Picture the scene... I'm standing on a table in a conference room, arms wrapped around myself, eyes closed. Someone is holding me firmly by the shoulders, tipping me forward. A small group of colleagues (or, should I say, former colleagues) are gathered around me. "Now, just let yourself fall," says my captor. "Trust your team mates. They will catch you..."
I hesitate for a moment, resisting the gentle but insistent pressure threatening to up-end me. Then, reluctantly, I relax into it. I start to fall... hands grasp at me, briefly slowing my descent, then... clunk! I hit the floor with a thump.
I'm sure this wasn't the intended outcome of the exercise but, in a funny way, the main objective was still achieved. By failing to break my fall, my team mates certainly broke the ice. I wasn't hurt, and everyone fell about laughing. But I noticed that no one was quick to volunteer to be the next victim!
The trouble with some team building exercises is that, by taking people outside their comfort zones, they also have the potential to violate their dignity, privacy or personal space. They also fail to appreciate that what might be fun for some could be hell for others.
When my best friend told me that she wanted her girlfriends to help her celebrate her forthcoming marriage by joining her coasteering (basically, jumping off cliffs into the sea), I was terrified by the prospect. I usually love "the great outdoors," and I'm generally pretty fearless. In my university years, I was an accredited abseiling instructor, but that was a long, long time ago... before I had dependents who rely on me!
As it turned out, I wasn't the only one who would have felt a lot happier about a traditional spa weekend. One of our gang is really scared of heights. When the instructor told us that we would be lowering each other down the crevasse (as you can see in the picture above) with just a long rope and some clever knots, we all felt nervous, but my friend visibly trembled.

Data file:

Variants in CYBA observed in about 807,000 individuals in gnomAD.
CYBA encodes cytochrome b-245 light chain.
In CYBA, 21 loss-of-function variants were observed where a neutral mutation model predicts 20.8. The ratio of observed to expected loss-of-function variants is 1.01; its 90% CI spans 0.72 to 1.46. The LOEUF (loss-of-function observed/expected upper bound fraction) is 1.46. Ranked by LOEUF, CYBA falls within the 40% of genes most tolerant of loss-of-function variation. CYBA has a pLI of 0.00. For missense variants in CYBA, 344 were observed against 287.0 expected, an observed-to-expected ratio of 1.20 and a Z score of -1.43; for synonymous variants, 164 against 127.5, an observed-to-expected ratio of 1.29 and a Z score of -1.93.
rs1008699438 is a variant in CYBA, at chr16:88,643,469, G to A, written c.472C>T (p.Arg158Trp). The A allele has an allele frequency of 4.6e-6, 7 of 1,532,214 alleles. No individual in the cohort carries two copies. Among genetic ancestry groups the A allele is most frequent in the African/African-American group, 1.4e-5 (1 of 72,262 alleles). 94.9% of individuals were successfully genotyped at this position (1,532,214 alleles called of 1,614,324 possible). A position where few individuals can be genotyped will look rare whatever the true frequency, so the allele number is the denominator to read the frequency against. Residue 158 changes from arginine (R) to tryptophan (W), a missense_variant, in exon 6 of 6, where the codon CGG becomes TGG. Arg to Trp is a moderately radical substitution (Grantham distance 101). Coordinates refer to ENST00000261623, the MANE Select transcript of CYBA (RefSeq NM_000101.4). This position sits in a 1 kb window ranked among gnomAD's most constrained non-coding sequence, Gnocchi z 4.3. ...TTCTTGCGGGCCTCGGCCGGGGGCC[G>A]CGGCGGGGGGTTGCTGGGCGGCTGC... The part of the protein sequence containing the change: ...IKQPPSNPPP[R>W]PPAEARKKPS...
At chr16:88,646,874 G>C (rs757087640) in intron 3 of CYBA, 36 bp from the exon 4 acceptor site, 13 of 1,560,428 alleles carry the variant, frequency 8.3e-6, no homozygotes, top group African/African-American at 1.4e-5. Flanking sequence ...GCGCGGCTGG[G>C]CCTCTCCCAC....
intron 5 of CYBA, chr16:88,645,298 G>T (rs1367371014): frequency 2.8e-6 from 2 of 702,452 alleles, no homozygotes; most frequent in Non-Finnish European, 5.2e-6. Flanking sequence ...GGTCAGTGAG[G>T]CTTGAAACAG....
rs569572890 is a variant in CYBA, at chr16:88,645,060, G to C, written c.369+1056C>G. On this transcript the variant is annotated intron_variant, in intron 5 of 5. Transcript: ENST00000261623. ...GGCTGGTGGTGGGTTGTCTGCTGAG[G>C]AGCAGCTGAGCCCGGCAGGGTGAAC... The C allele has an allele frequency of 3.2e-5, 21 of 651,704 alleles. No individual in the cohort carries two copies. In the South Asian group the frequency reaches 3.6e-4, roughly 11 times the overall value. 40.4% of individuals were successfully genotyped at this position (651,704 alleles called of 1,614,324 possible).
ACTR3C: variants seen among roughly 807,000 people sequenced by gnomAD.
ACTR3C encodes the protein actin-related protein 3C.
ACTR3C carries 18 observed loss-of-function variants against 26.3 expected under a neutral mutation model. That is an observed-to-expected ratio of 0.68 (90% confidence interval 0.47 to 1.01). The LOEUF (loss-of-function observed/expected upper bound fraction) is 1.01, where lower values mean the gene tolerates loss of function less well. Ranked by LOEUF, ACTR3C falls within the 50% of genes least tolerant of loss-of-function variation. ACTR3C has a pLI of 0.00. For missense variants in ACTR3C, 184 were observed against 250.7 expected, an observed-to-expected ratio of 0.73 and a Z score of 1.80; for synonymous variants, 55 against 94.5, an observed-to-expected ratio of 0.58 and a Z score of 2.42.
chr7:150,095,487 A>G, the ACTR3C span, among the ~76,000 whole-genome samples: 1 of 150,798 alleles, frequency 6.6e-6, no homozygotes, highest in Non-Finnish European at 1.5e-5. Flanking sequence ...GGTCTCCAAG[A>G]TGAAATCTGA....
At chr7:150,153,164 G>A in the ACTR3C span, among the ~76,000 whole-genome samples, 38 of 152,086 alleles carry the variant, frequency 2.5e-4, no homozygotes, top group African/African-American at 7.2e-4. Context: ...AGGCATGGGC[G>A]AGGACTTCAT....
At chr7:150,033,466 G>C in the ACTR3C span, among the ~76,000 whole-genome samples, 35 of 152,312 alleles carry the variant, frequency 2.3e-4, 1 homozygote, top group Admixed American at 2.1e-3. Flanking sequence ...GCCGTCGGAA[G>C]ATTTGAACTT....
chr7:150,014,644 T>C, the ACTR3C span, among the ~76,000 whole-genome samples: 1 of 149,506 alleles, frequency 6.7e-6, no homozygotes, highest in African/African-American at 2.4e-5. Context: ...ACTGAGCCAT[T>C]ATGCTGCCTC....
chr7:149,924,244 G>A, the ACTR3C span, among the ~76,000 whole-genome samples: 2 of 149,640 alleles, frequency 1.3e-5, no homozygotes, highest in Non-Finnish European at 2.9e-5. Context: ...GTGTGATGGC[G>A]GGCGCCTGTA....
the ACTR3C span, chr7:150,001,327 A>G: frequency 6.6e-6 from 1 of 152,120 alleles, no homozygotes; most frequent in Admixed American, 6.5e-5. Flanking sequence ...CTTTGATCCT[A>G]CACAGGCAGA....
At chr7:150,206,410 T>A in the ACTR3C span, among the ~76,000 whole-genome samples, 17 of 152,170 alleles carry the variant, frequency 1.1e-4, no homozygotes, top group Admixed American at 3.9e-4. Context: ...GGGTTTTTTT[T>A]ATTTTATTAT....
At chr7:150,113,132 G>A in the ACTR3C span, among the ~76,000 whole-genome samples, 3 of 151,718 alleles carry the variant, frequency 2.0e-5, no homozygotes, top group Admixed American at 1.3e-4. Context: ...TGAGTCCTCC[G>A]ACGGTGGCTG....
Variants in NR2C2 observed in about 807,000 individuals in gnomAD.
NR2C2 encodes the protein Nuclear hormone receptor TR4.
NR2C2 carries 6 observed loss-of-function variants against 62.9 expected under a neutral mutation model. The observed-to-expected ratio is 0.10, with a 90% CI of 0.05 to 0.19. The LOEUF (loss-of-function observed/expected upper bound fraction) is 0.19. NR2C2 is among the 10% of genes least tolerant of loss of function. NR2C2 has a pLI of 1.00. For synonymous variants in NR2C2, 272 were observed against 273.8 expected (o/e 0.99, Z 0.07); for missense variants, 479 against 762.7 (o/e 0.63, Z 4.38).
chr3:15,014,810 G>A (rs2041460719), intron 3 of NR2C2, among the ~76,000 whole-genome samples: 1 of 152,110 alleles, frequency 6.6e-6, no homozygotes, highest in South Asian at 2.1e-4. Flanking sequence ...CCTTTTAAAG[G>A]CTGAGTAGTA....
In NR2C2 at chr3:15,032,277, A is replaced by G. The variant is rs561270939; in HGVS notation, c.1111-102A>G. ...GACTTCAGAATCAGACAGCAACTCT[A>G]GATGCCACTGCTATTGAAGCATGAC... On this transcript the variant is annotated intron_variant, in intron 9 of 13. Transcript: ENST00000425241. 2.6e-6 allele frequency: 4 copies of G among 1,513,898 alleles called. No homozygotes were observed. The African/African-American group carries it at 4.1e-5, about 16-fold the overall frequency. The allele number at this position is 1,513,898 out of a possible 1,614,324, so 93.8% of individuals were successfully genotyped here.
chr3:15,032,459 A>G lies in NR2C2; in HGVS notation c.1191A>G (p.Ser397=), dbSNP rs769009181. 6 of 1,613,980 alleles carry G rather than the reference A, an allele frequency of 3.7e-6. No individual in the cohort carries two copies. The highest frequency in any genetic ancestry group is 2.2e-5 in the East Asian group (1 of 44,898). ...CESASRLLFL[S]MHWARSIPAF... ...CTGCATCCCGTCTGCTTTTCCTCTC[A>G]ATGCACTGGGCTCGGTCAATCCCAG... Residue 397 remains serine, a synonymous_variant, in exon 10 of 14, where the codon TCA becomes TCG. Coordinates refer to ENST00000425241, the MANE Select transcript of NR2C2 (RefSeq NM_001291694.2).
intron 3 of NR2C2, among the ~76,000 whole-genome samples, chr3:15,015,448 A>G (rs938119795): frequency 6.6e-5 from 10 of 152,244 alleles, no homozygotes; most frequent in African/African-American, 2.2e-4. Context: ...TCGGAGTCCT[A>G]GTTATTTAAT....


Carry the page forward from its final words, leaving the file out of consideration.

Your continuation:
I'll never forget how brave she was that day, and the tears of relief she cried when it was all over were bittersweet for all of us. It also demonstrates how something that could be a bonding activity among close friends might be wholly inappropriate for work colleagues.
That's not to say that there's no value in team building activities at work. The right activity can bring your team together, help people to work more effectively in a group, aid communication, and strengthen all sorts of skills. So, how do you know if an activity is the right one?
Aside from the issues described above, one of the most common criticisms of team building exercises is that they have little bearing on what people do in their jobs every day. At Mind Tools, we've created a series of resources that address this, focusing on creativity, problem solving and decision making, and communication.
So, the next time you ask your team to take a "trust fall," or arrange for them to go paint balling at your next away day, ask yourself if it will really achieve your objective. Or would something else be more "team-friendly"?
"Get yourself a notebook. Every day, write down three problems that you observe. This can be the place where you drive and foment your own change."
Is paternity leave working? How do new fathers feel about it? I spoke to some parents at Mind Tools to find out.
How can managers and leaders make returning from maternity leave easier for working mothers? I spoke to some parents at Mind Tools to find out.